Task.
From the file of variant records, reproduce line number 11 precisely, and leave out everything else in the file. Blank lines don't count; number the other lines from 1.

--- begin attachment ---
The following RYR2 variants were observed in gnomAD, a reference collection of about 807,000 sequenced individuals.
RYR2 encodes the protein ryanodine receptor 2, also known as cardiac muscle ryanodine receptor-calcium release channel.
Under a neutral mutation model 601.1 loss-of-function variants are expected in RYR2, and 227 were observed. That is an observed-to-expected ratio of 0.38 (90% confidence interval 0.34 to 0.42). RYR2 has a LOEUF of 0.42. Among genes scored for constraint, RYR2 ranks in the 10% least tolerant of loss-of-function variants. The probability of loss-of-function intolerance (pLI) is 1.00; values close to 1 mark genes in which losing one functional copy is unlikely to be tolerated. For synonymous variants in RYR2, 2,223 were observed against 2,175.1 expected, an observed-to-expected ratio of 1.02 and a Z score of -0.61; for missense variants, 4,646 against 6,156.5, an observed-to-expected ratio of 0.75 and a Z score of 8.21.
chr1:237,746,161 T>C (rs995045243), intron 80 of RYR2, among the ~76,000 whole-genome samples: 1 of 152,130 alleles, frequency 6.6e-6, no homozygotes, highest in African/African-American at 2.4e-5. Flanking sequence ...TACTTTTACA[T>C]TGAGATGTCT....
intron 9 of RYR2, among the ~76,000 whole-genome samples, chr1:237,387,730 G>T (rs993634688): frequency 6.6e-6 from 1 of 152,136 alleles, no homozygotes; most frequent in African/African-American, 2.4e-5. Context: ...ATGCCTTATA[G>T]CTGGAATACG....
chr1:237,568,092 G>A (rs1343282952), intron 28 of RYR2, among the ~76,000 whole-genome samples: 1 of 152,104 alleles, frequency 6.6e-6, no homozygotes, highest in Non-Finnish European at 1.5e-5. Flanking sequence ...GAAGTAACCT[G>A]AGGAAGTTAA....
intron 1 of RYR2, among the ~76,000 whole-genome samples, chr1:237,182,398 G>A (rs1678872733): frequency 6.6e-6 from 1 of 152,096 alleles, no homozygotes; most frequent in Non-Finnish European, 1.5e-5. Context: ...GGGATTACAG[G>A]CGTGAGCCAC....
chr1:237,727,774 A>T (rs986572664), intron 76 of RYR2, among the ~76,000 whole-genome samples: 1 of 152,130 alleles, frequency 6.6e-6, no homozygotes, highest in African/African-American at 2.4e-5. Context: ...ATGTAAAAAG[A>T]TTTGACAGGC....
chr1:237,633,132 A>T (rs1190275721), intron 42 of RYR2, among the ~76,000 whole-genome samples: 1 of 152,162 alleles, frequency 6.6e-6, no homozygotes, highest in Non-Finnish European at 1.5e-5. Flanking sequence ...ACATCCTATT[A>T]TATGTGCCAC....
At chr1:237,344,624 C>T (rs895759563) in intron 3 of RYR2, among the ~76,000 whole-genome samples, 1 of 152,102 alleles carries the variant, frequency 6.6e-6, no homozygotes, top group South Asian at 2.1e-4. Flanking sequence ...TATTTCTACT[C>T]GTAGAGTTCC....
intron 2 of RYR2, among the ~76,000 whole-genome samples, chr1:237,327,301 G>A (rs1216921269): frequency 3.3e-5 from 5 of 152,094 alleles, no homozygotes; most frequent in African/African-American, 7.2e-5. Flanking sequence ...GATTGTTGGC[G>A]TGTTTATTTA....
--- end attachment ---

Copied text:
intron 2 of RYR2, among the ~76,000 whole-genome samples, chr1:237,327,301 G>A (rs1216921269): frequency 3.3e-5 from 5 of 152,094 alleles, no homozygotes; most frequent in African/African-American, 7.2e-5. Flanking sequence ...GATTGTTGGC[G>A]TGTTTATTTA....